Nigeria has sought to diversify the economy, however there is still huge focus on its main export – Oil. The coronavirus (COVID-19) has changed how the oil economy will operate forever. In 2020, global oil demand contracted for the first time since 2009 global recession. With restrictions imposed in some cities, demand might not reach pre-pandemic levels, as global air travel still grapples with the effect of lockdown.
Although recovery improved in the second half of 2020, prices have failed to reach the $50 mark. Ultimately, the outlook for the oil market will depend on how coronavirus can be contained, because economic activity depends on the global health crisis. On the supply side, Libya seems to be back in the foray, as tensions are easing in the area. Even before the pandemic, markets had been over-supplied, leading to OPEC+ producers cutting output with competition from American Shale oil. There are indications that the oil market looks supplied through 2025.
Given the cycle of the industry and the demand contraction in 2020, a rebound in 2021 is expected. Forecasts shows that between the periods 2019 and 2025, global oil demand will grow at an average annual rate of just below 1 mb/d.
Crude oil prices drop by over 5%
Crude oil prices dropped more than 5% and falling below the key $40 per barrel support, at the American trading session mid-week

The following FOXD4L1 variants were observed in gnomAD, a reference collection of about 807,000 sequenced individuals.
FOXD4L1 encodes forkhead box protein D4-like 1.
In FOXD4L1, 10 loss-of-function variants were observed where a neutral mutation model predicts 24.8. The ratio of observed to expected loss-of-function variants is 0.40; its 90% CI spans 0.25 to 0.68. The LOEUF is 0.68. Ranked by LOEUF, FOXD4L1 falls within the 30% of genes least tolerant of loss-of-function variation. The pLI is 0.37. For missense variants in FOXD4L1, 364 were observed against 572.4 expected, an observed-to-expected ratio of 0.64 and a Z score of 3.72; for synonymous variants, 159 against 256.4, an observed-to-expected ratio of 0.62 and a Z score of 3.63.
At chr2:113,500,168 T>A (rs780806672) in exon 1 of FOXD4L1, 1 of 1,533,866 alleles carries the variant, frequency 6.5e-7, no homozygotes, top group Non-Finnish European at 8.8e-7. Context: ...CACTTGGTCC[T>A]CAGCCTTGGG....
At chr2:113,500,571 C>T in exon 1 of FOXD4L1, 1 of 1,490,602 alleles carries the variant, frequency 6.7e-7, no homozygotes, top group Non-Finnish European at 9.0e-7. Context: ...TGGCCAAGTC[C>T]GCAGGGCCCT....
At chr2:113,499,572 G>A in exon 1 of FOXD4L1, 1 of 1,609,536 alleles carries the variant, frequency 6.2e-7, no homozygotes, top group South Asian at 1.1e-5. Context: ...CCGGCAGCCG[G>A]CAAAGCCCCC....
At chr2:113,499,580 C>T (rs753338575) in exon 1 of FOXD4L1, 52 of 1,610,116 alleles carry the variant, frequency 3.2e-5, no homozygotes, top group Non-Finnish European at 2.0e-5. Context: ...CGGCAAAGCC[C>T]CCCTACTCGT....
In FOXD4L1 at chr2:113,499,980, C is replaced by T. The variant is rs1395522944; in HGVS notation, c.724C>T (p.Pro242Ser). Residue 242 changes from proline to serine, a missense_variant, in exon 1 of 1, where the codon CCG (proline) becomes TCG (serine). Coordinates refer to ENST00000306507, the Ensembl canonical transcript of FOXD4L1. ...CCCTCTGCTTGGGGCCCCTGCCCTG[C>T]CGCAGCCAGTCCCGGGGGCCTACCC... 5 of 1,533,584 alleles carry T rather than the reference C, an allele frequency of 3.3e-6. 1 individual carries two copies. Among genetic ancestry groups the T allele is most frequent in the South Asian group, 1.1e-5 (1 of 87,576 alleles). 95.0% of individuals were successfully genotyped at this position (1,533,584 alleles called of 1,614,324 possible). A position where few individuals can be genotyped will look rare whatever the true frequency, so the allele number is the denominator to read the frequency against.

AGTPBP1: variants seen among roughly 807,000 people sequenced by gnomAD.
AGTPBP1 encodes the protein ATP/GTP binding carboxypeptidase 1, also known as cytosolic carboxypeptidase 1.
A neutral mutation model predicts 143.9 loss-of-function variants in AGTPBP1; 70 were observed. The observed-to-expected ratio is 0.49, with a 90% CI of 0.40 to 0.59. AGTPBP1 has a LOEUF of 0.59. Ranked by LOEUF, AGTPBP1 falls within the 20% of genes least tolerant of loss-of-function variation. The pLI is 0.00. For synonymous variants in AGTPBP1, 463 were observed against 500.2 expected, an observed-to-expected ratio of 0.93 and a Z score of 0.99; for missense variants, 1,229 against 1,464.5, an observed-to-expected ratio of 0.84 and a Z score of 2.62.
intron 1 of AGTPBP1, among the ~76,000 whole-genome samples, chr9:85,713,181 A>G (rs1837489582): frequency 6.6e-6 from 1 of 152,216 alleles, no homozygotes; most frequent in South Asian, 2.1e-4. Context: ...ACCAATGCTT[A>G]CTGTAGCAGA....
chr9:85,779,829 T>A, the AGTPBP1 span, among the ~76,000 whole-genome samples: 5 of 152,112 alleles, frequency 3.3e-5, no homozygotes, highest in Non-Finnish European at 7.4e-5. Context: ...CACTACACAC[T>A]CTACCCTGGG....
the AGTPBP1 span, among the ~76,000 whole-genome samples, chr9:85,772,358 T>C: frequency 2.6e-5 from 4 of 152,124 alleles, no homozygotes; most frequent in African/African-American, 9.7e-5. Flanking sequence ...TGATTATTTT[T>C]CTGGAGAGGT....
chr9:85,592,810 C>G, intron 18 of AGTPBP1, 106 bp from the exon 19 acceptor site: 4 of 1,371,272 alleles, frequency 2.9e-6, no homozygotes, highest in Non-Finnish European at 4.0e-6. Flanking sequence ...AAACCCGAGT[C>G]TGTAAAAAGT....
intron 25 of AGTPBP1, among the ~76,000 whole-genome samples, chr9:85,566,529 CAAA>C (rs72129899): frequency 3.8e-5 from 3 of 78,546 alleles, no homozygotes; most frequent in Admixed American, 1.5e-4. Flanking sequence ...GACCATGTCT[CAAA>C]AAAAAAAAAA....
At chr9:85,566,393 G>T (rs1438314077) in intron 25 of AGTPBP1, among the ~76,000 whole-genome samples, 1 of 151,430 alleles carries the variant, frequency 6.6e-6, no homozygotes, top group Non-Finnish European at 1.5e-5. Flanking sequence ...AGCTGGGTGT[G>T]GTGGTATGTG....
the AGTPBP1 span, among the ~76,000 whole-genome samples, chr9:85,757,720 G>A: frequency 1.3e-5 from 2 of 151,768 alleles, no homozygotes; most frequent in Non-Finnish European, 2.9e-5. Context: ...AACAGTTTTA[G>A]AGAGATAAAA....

The slide is attributed to unexpectedly large U.S. crude oil inventories for last week reported by the government, which reinforced concerns about depleting demand for fuel amidst the worsening global outbreak of Covid-19.
At the time of writing, Brent crude traded at $39.44/Barrel down more than 5%.
Why crude oil prices are falling heavily now?
The macros weighing down on oil prices are reports coming from the EIA showing U.S. crude stockpiles gained 4.3 million barrels, against an increase of 1.23 million barrel as anticipated by energy analysts, showing there is soft demand for gasoline in the world’s largest economy.
What next for Oil amid rising COVID-19 cases?
The market is feeling pressure amid rising COVID-19 cases in the United States and Europe, and also due to Libyan oil production.